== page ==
Film Tells How to Stay Out of Jail
The scene is a familiar one. A young African-American man is pulled over and, after he responds derisively to the officer’s requests, finds himself in handcuffs.
This is not an episode of “Cops,” though. It’s a scene from the new film “10 Rules for Dealing with the Police,” a project of the nonprofit group Flex Your Rights that seeks to educate both the public and police officers about how to avoid disproportionate reactions in what should be routine encounters.
After the disastrous opening scene, the film pulls back to a courtroom in which Baltimore trial lawyer William “Billy” Murphy lays out some basic pointers before a rapt audience. “I know how the law works, and I know that for many people the law sometimes doesn’t work,” he says.
Scott Morgan, the film’s co-creator and the associate director of Flex Your Rights, said the project grew out of a 2004 video called “Busted: the Citizen Guide to Surviving Police Encounters,” whose success was bolstered by clips of the video going viral on the Web. “10 Rules,” the result of a two-year effort that included extensive fundraising and the recruitment of Murphy and retired police detective Neill Franklin, expands on “Busted.”
Morgan said the shortcomings that the film seeks to address cut both ways — while some police act outside the sphere of their legal authority, many citizens are ignorant of how to deal with such overreaches. In the heightened emotional context of dealing with the police, there is ample room for error.
“We do have a big problem with police misconduct in this country and routine abuses of power ranging from minor to severe, but the point I would really want to emphasize is that that problem has emerged in the context of a citizenry that is not knowledgeable about basic constitutional rights,” Morgan said. “Our belief is that many of the problems in the criminal justice system begin with the fact that citizens don’t understand basic civil rights.”
For example, a woman in the film does not put up any resistance when two police officers arrive on her doorstep without a warrant and ask whether they may search the house. When the officers find a bag of marijuana lodged in the couch — marijuana that the woman didn’t know about — they arrest her — an outcome that could have been avoided had she simply refused them entry. In an instance of profiling, a Latino man in a jersey and baggy jeans is thrown up against a car and searched by an officer who demands, “Where’s the dope? Come on, give it up.”
Morgan said that the response to the film has so far been “incredibly positive” and that he has seen demand for copies of the film from educators, activists and police who believe it can be a good teaching tool. Franklin was formerly the commander of the Maryland State Police Academy, and he said that if he could, he would make viewing the film mandatory.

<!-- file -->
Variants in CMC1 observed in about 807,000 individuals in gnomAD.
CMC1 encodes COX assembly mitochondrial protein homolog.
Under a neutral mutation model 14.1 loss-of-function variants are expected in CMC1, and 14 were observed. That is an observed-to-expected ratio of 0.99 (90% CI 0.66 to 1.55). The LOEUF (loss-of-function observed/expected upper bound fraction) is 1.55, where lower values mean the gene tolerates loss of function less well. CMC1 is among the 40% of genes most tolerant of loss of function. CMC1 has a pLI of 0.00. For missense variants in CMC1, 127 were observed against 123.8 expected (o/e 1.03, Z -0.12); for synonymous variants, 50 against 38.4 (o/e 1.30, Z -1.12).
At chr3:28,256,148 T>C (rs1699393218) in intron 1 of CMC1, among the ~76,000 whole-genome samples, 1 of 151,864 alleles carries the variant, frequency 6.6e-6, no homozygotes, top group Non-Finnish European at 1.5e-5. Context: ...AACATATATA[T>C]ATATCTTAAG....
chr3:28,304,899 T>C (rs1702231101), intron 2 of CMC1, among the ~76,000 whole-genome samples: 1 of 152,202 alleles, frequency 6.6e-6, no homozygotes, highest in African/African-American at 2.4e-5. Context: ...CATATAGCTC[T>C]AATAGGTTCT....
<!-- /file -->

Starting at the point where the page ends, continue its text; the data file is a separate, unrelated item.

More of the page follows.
“Police need to concentrate more not just in their training programs for new officers but in their in-service programs that they conduct every year, they need to focus on constitutional rights,” he said. “Supervisors need to reiterate that every time they’re out in the street supervising people. We can do our jobs quite effectively and respect constitutional rights.”
Franklin helped to oversee the technical aspects of the film so that the encounter portrayed was as realistic as possible. Franklin, who served for 33 years, said that the majority of police officers stay within the boundaries of the law, but that the film focuses on officers who are “getting it wrong” by violating basic freedoms such as the Fourth Amendment’s prohibition of unreasonable search and seizure. He described a degradation of just enforcement in lower-income communities, such as those he patrolled in Baltimore, which he said were often drug-related arrests.
The solution, Franklin said, is to ensure that people are aware of their rights and exercise them properly, which he sees as a safeguard against police abuse. He also noted that continually educating officers on not exceeding the limits of their powers is essential.
“We have this breakdown between police and our neighborhoods,” he said. “If people in the neighborhoods begin to hold police more accountable then there would be a change, but in many neighborhoods it’s become so habitual that it’s what people come to expect.”
The intersection of laws relating to drug possession and arrests helped to spur the film’s creation. Franklin is a member of Law Enforcement Against Prohibition, which advocates legalizing and regulating drugs. Franklin was giving a LEAP presentation at the University of Maryland when he first met the creators of “10 Rules,” and he said “profiling born out of the war on drugs” was the central reason that many officers violate the Fourth Amendment.
“The law enforcement officers of LEAP have seen the failure of the war on drugs with respect to all drugs, so they support legalizing and regulating them,” LEAP Media Relations Director Tom Angell said.
The Marijuana Policy Project, which also supports the legalization of marijuana, helped to fund “Busted” and “10 Rules,” although Morgan noted that the film’s funding flowed from other sources as well, including private philanthropists and the Public Welfare Foundation.